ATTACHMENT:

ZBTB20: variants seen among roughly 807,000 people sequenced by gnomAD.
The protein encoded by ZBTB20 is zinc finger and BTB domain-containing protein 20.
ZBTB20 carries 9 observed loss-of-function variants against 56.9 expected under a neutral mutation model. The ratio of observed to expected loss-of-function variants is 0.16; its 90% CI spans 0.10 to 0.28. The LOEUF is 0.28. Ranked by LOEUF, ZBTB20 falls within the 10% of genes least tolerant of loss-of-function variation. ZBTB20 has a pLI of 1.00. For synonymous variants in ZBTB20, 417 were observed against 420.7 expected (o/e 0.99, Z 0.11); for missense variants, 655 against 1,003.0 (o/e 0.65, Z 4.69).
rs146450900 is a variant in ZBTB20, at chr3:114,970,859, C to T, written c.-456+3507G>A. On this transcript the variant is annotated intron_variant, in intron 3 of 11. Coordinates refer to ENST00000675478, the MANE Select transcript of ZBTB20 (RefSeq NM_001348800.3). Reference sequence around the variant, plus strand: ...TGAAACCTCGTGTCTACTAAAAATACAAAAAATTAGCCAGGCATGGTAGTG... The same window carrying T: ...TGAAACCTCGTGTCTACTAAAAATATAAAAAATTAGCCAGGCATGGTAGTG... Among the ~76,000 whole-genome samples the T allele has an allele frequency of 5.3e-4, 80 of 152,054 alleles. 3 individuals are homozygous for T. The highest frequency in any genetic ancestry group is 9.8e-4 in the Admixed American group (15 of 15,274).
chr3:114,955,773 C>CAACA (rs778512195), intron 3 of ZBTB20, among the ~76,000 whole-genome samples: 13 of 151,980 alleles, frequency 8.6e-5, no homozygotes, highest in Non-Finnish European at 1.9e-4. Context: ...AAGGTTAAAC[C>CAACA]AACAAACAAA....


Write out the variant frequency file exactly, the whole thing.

ZBTB20: variants seen among roughly 807,000 people sequenced by gnomAD.
The protein encoded by ZBTB20 is zinc finger and BTB domain-containing protein 20.
ZBTB20 carries 9 observed loss-of-function variants against 56.9 expected under a neutral mutation model. The ratio of observed to expected loss-of-function variants is 0.16; its 90% CI spans 0.10 to 0.28. The LOEUF is 0.28. Ranked by LOEUF, ZBTB20 falls within the 10% of genes least tolerant of loss-of-function variation. ZBTB20 has a pLI of 1.00. For synonymous variants in ZBTB20, 417 were observed against 420.7 expected (o/e 0.99, Z 0.11); for missense variants, 655 against 1,003.0 (o/e 0.65, Z 4.69).
rs146450900 is a variant in ZBTB20, at chr3:114,970,859, C to T, written c.-456+3507G>A. On this transcript the variant is annotated intron_variant, in intron 3 of 11. Coordinates refer to ENST00000675478, the MANE Select transcript of ZBTB20 (RefSeq NM_001348800.3). Reference sequence around the variant, plus strand: ...TGAAACCTCGTGTCTACTAAAAATACAAAAAATTAGCCAGGCATGGTAGTG... The same window carrying T: ...TGAAACCTCGTGTCTACTAAAAATATAAAAAATTAGCCAGGCATGGTAGTG... Among the ~76,000 whole-genome samples the T allele has an allele frequency of 5.3e-4, 80 of 152,054 alleles. 3 individuals are homozygous for T. The highest frequency in any genetic ancestry group is 9.8e-4 in the Admixed American group (15 of 15,274).
chr3:114,955,773 C>CAACA (rs778512195), intron 3 of ZBTB20, among the ~76,000 whole-genome samples: 13 of 151,980 alleles, frequency 8.6e-5, no homozygotes, highest in Non-Finnish European at 1.9e-4. Context: ...AAGGTTAAAC[C>CAACA]AACAAACAAA....